“Hyena Man of Harar”

 

 

Keeper of carnivorous beasts
In this walled city of Abyssiania
Where once Rimbaud sought asylum
From man’s industry.

What do you nocturnally seek
Among these deformities?
Whom you call by name,
And bend to touch a hideous face.

Do you find more tranquillity
Than by day in the market place
Where Oromos and Somalis
Mingle in silent hate?

The African born in the bondage
Of tribal aversions
Builds his society
On ancestral malice.
A hereditary disease.

Here, however, there is peace
Among these rapacious dogs
Who cower for carrion.

While Rimbaudian companions
Hide from such intercourse;
Slide like jackals
Into the glove of night,

And make there of camel dung
A tukel that is addis ababa
In the brush
Forgotten under a cradle moon.

 

John Coyne
November 1963

 

6 Comments

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  • “…these rapacious dogs/ Who cower for carrion….” you might say are still carrying-on among the followers of trumpies’. (Funny how that happens when a sentence or clause or phrase evokes something in our own lives much later far from the original description and not at all envisioned by the writer. By the way, John, good to see a poem by you.) Ed Mycue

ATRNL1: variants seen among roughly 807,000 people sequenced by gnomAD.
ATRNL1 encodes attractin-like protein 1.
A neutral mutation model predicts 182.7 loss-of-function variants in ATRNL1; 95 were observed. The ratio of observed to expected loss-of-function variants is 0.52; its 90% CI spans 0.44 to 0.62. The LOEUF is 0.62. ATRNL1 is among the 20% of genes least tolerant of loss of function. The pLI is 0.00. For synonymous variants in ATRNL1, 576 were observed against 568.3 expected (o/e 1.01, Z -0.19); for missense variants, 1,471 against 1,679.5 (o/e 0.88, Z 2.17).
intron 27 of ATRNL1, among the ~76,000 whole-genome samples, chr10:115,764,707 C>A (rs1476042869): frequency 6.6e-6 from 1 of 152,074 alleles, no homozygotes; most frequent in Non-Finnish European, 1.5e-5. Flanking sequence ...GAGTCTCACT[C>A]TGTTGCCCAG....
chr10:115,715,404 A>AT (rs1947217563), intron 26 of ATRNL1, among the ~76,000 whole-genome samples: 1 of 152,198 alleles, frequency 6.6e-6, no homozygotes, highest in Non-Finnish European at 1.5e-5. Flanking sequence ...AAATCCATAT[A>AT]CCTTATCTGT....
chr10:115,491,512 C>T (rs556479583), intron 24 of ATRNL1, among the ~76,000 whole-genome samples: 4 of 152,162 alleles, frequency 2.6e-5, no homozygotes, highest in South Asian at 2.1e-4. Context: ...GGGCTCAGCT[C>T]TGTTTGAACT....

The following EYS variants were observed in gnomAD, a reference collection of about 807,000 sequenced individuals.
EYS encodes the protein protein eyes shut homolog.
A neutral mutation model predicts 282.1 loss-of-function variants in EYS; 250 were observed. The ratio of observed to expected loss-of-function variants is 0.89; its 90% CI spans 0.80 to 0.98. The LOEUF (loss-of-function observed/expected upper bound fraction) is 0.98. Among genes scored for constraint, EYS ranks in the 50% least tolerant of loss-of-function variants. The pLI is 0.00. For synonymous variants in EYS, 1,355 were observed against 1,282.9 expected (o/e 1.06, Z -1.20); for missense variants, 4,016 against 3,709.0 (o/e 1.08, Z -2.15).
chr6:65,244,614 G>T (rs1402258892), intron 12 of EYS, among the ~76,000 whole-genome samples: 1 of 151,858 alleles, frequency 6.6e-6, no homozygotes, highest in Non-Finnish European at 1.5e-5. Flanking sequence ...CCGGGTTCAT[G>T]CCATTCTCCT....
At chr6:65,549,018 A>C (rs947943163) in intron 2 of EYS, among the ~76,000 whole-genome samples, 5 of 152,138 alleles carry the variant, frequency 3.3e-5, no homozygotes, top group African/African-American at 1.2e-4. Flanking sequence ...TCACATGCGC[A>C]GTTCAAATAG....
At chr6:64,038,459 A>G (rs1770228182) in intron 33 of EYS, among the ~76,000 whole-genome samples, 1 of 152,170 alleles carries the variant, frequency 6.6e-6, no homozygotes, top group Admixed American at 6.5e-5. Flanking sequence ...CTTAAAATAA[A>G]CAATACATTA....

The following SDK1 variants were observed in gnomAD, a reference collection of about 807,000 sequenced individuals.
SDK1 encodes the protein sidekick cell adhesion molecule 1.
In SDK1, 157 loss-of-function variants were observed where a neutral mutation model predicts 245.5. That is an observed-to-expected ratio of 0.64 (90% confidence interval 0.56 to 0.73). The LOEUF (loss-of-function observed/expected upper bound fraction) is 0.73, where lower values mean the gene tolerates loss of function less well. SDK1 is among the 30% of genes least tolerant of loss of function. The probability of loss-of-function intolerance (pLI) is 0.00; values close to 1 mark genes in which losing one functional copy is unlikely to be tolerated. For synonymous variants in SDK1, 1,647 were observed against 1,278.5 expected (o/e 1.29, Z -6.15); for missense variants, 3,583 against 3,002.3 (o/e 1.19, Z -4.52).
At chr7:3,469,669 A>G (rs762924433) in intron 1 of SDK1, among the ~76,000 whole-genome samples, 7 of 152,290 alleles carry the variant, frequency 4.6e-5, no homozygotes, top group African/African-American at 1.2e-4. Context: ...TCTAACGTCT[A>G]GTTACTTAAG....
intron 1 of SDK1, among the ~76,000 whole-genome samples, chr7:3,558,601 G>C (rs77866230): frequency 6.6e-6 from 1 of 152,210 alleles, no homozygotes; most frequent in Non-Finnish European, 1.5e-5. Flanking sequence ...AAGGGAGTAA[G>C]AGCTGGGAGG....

• For even more on the hyena man/men, see “Among the Bone Eaters,” by Marcus Baynes Rock, published by Penn State Univ. Press, 2015

  • My question is: how many different hyena men have there been? Since I saw one when I worked in Harrar in the summer of 1964, and he seemed to me, a young man then, to be a fairly old man. Now 50 years later one still reads reports of the hyena man by the gates of Harrar. Same man? Unlikely.

    But a very good poem, nonetheless, from the multi-talented Coyne.

    Barry Hillenrband
    Debre Markos 1963-1965

  • Thank you, Barry

    What I understand now is that the ‘camp’ is now away from the walls, perhaps a mile, and there is more than one ‘man.’ I’m sure you could volunteer as a Third Goal Project.

  • I totally loved this multi layered poem and lingered over the deeper meanings. I finally had to print it out to keep among my favored poems so I can read it again and again.

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